Conclusions and Relevance
Pooled clinical and neuropathologic data from 3 prospective cohort studies indicate that TBI with LOC is associated with risk for Lewy body accumulation, progression of parkinsonism, and PD, but not dementia, AD, neuritic plaques, or neurofibrillary tangles.
Each year, many people experience a traumatic brain injury (TBI). Quiz Ref IDMost TBIs are mild, and most people return to prior levels of functioning. Worry about late effects of TBI has magnified in recent years with media coverage of chronic traumatic encephalopathy in athletes with repetitive head trauma.1,2 Head injury is the signature injury of recent military conflicts.3 Many TBIs are not related to sports or combat. Characterizing the late-life effects of nonrepetitive TBIs in nonathlete civilians is important.4
Studies assessing the late effects of TBI have been limited, with few exceptions,2,5 to outcomes observed during life. Several studies reported associations between TBI with loss of consciousness (LOC) and Alzheimer disease (AD)6; the Institute of Medicine7 concluded that moderate or severe TBI was a risk factor for AD. We sought to determine whether TBI with LOC was associated with late-life dementia, including AD, and Alzheimer-related neuropathologic changes. We hypothesized that TBI with LOC causes accumulation of neurofibrillary tangles and increased risk for AD. We also assessed associations with Parkinson disease (PD), parkinsonism, Lewy bodies, and other neuropathologic changes.
Question Is traumatic brain injury (TBI) with loss of consciousness (LOC) associated with late-life clinical evidence of neurodegeneration and neuropathologic findings at autopsy?
Findings In 3 large prospective studies with 7130 participants who were followed for 45 190 person-years and of whom 1589 had comprehensive neuropathologic evaluations at the time of death, TBI with LOC was not associated with the development of mild cognitive impairment, dementia, clinical Alzheimer disease (AD), or Alzheimer pathologic changes. Traumatic brain injury with LOC was associated with the development of Parkinson disease, parkinsonism, Lewy bodies, and microinfarcts.
Meaning Traumatic brain injury with LOC appears to be associated with development of Parkinson spectrum neurodegeneration but not with AD.
We evaluated data from the Adult Changes in Thought study (ACT),8 the Religious Orders Study (ROS),9 and the Memory and Aging Project (MAP),10 which are all prospective cohort studies. ROS and MAP were designed to have consistent data acquisition and processing and have been analyzed jointly in numerous reports.9,10 Rates of TBI exposure in ROS and MAP were similar, and we combined their data. We evaluated associations between TBI and late-life clinical outcomes, including dementia and AD for all 3 studies, mild cognitive impairment (MCI) for ROS and MAP, PD for all 3 studies, and change in parkinsonian signs for ROS and MAP. For those participants in any of the studies who underwent brain autopsy, we evaluated associations between TBI and neuropathologic findings. Studies were approved by the institutional review boards of Group Health Research Institute, University of Washington, and Rush University Medical Center. Participants provided written informed consent. Participants in ROS and MAP signed an Anatomic Gift Act consent donating their brain, and 25% to 30% of ACT participants consented to brain donation.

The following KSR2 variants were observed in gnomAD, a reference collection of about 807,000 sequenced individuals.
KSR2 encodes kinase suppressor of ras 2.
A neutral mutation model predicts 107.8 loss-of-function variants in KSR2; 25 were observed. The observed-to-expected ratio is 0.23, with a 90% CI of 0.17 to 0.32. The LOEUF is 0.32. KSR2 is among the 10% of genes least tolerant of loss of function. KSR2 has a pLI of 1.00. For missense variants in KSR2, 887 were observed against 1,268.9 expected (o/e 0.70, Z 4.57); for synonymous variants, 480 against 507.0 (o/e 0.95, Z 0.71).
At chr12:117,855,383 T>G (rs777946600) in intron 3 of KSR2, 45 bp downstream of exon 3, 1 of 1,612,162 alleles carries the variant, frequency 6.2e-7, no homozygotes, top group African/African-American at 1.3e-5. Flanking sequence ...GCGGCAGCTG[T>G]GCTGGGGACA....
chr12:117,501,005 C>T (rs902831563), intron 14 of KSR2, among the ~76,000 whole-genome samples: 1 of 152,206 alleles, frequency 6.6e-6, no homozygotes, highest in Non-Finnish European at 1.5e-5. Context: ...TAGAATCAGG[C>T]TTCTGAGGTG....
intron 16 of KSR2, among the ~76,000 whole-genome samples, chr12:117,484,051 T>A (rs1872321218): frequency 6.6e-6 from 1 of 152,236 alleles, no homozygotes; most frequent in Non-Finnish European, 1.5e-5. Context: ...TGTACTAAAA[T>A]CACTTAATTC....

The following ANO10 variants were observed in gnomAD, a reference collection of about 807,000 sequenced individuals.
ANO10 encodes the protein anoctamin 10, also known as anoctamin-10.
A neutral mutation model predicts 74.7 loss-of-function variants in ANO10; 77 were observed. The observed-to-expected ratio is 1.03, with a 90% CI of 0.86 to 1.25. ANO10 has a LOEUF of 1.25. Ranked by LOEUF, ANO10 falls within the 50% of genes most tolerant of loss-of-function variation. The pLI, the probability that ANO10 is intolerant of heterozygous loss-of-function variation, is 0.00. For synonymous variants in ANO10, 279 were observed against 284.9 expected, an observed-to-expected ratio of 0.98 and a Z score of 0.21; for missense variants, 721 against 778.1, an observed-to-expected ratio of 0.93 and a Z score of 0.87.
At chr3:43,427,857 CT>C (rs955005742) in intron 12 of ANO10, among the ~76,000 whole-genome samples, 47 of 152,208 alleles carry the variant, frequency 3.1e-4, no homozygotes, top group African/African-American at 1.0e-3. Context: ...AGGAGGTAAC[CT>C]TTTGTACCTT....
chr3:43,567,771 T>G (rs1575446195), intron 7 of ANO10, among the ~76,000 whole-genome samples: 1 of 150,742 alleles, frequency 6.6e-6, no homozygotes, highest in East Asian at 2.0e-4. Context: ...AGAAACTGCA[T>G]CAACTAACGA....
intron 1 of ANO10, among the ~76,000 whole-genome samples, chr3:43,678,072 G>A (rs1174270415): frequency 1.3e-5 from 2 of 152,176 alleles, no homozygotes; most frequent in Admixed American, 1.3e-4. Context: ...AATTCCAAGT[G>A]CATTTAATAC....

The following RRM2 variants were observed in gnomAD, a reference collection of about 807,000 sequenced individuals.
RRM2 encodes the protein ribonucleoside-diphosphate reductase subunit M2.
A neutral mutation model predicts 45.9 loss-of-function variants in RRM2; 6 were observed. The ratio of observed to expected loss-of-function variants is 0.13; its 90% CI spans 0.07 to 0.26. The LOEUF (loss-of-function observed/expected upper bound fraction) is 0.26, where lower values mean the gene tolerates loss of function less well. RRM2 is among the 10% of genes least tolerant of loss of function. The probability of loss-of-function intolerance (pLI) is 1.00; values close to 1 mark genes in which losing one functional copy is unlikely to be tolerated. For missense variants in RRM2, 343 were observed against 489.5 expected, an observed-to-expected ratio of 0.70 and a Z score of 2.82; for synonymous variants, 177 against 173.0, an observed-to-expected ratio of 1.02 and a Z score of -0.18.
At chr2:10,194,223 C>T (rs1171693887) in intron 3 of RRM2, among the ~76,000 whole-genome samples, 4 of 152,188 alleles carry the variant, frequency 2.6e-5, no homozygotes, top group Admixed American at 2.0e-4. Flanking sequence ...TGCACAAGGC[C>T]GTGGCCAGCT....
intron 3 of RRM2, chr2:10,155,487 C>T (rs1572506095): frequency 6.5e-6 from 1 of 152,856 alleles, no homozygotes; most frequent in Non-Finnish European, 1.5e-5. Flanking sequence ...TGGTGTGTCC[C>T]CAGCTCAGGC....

ROS started in 1994 and since then has enrolled older religious clergy from more than 40 groups across the United States. MAP started in 1997 and since then has enrolled older residents from Chicago-area retirement facilities and subsidized housing and through church groups and social service agencies. ACT started in 1994 and since then has enrolled older Seattle-area Group Health members. Detailed study design and data collection procedures have been published.8-12 Weanalyzed data accrued through April 1, 2014.
All studies assessed head injuries at enrollment and every study visit, and all captured TBI with LOC; exposure data were collected when participants were known not to have dementia. In ACT, an initial item ascertained whether participants had “an injury so severe that you lost consciousness.” If that item was endorsed, subsequent items addressed the type of injury, including head injury, and LOC duration. In ROS and MAP, participants were asked whether they have ever had a head injury, and if so, whether they ever lost consciousness and for how long. We provide further details in eMethods 1 and eTable 1 in the Supplement.
Methods for identifying dementia cases have been published.8,11,12 Participants were screened every 2 years with the Cognitive Abilities Screening Instrument,13 a 100-point brief cognitive assessment (lower scores indicate worse cognition). Participants with Cognitive Abilities Screening Instrument scores of less than 86 underwent a standardized diagnostic evaluation, including physical and neurologic examinations and a neuropsychological test battery. Dementia diagnoses were determined at consensus conferences using DSM-IV criteria,14 and AD diagnoses were determined using criteria from the National Institute of Neurological and Communicative Disorders and Stroke.15 Additional details are provided in eMethods 2 in the Supplement.